Anthony Doerr's All The Light We Cannot See Offers Deep, Introspective Value
All the Light We Cannot See by Anthony Doerr
My rating: 4 of 5 stars
"It was enough when Werner was a boy, wasn't it? A world of wildflowers blooming up and carrot peels and Frau Elena's fairy tales. Of the sharp smell of tar, and trains passing, and bees humming in the window boxes. String and spit and wire and a voice on the radio offering a loom on which to spin his dreams."
All the Light We Cannot See is an emotional novel that looks at war, survival, and the interesting ways that fate and choices bring us together. The novel drips with depth and gorgeous imagery.
The story follows Marie-Laure Leblanc, a girl who is blind during WWII, as she struggles with the loss of her father and the dangers of trying to do the right thing. Werner Pfennig, an orphan, is the other major protagonist of the novel. Through a twisting plot line, their stories become clearly connected as they fight for survival and to overcome lives that suddenly don't feel like their own.
Doerr's style is truly poetic. From page one of the novel, it is clear that he isn't just an excellent storyteller but a word master:
"At dusk they pour from the sky. They blow across the ramparts, turn cartwheels over rooftops, flutter into the ravines between houses. Entire streets swirl with them, flashing white against the cobbles. Urgent message to the inhabitants of this town, they say. Depart immediately to open country."
Throughout the entire novel, the reader roots for both characters despite their very different circumstances. The novel reminded me that there truly are no winners or losers in war--just people desperate to survive, to protect their dreams, and to hang on to the ones who matter to them while maintaining a sense of dignity and humanity.
The middle of this book was a bit slow-moving for me. I felt that the pace could have been a bit faster. Nonetheless, Doerr's skill at bringing the entire story together underscored the depth and meaning of this work.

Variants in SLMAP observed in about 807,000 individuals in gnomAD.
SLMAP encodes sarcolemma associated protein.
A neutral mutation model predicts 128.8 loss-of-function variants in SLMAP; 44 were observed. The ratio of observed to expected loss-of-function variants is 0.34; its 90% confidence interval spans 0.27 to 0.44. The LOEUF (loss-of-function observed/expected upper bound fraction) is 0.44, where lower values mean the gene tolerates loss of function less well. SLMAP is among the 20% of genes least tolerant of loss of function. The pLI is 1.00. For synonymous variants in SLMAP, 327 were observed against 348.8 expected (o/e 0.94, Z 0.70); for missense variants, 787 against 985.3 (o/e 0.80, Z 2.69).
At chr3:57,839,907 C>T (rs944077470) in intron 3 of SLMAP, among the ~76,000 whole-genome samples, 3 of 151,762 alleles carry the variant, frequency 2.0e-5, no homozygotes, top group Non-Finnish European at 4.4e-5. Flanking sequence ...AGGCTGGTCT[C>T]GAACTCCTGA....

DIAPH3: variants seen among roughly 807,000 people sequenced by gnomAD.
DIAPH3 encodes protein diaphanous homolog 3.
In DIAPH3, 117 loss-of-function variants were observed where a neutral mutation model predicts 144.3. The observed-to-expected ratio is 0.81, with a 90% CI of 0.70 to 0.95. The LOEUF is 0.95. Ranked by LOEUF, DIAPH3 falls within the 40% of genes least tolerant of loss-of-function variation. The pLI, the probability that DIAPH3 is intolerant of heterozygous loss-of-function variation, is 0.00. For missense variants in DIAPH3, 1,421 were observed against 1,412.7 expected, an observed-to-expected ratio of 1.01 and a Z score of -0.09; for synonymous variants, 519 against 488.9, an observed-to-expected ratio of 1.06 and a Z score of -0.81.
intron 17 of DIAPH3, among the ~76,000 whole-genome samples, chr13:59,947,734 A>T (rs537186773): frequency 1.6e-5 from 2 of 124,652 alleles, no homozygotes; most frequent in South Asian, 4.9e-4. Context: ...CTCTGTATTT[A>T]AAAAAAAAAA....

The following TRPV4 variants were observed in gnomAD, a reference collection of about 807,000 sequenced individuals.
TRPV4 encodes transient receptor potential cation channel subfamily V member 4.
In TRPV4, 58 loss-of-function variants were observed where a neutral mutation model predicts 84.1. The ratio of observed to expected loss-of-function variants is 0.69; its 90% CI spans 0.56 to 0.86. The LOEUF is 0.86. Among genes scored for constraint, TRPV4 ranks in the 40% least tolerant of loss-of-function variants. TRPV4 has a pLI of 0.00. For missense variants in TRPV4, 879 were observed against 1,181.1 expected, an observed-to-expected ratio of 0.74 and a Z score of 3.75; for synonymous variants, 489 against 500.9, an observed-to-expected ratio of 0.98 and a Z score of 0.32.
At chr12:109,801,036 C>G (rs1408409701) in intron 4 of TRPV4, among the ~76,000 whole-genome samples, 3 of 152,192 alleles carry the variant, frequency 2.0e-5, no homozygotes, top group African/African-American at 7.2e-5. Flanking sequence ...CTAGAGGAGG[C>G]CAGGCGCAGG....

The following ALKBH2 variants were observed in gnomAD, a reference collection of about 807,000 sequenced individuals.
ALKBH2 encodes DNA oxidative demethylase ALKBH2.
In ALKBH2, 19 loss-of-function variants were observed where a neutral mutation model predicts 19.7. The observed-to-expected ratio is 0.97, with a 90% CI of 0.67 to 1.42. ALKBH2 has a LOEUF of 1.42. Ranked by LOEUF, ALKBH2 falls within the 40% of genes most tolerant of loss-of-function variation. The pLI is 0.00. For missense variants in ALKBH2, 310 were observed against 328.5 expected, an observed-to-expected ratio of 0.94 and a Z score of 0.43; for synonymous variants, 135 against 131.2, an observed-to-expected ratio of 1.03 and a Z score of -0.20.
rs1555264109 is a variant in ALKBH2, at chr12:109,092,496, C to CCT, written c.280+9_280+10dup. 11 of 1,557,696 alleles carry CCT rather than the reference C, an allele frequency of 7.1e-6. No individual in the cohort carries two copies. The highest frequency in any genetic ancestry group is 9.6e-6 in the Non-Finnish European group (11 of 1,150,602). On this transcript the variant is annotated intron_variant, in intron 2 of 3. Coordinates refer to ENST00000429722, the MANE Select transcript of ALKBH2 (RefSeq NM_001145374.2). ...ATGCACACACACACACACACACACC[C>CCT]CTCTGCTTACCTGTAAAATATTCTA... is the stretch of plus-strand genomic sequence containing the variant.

This book reminded me of one of my favorites, The Book Thief, because of its focus and style. I would recommend this to anyone looking for a book with deep meaning and purpose.
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In a Dark, Dark Wood by Ruth Ware
My rating: 4 of 5 stars
"Who can I trust, if I can't even trust myself?"
In a Dark, Dark Wood is the second book I've read by Ruth Ware; I read The Woman in Cabin 10 first. It definitely has her signature, psychological thriller kind of feel and reminded me of The Woman in Cabin 10 in reference to mood and feel. Overall, it was an engaging read about secrets, lies, and friendship.
Leonora is a reclusive writer who finds herself on the invite list for a bachelorette party for an old friend. Against her gut reaction, she decides to accompany another friend, Nina, to the weekend held in a glass house in the middle of a desolate wood. As she tries to reconnect with Claire, her best friend of a different time, things start to get very spooky in the wilderness.
This book is told with an interesting chronology, flipping between present and past. I enjoyed the suspense that was truly built throughout the entire novel. It is more of a psychological read with questions of sanity and trusting one's own mind, which I enjoyed. I also found Leonora's character to be very easy to like and relate to.
I did not find the story predictable, which was a great aspect of this book. It kept me wanting to read up until the very end. My only knock on the book is that I didn't find the motives believable in this book at all times--I won't say anything else because I don't want to spoil it.
Overall, if you like a psychological thriller about secrets and lies, this book is for you. Ruth Ware is a master of weaving an engaging tale without giving too much away or being too preposterous in her plot lines. I recommend this book if you enjoy books like Girl on the Train, The Woman in Cabin 10, or any other psychological reads.
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Inked Hearts releases October 21, 2017, with Hot Tree Publishing. This contemporary romance is set in Ocean City, Maryland.
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“Six years, a complex about my freckles, a love for pastrami, and a fear of failure.
That’s what he gave me before slaughtering my heart and my faith in men.”
Suffering from the sting of betrayal, twenty-eight-year-old Avery Johannas quits her job and moves hundreds of miles away to Ocean City, the beach town of her dreams. With the help of her zany roommate, Jodie, Avery finds a new career, home, and freedom. Throughout her self-exploration, she makes only one rule: She won’t give her heart to a man again. She’s living for herself this time.
But then she meets Jesse.
A tattoo shop owner, the green-eyed Jesse Pearce is wild with a touch of mystery. As Jesse and Avery explore Ocean City and their friendship, they’ll have a hard time drawing a line in the sand between their hearts.
When summer nights get a little more heated than either expected, they’ll have to ask themselves: Can they let go of their notions of love, or will their hearts be permanently inked by past pain?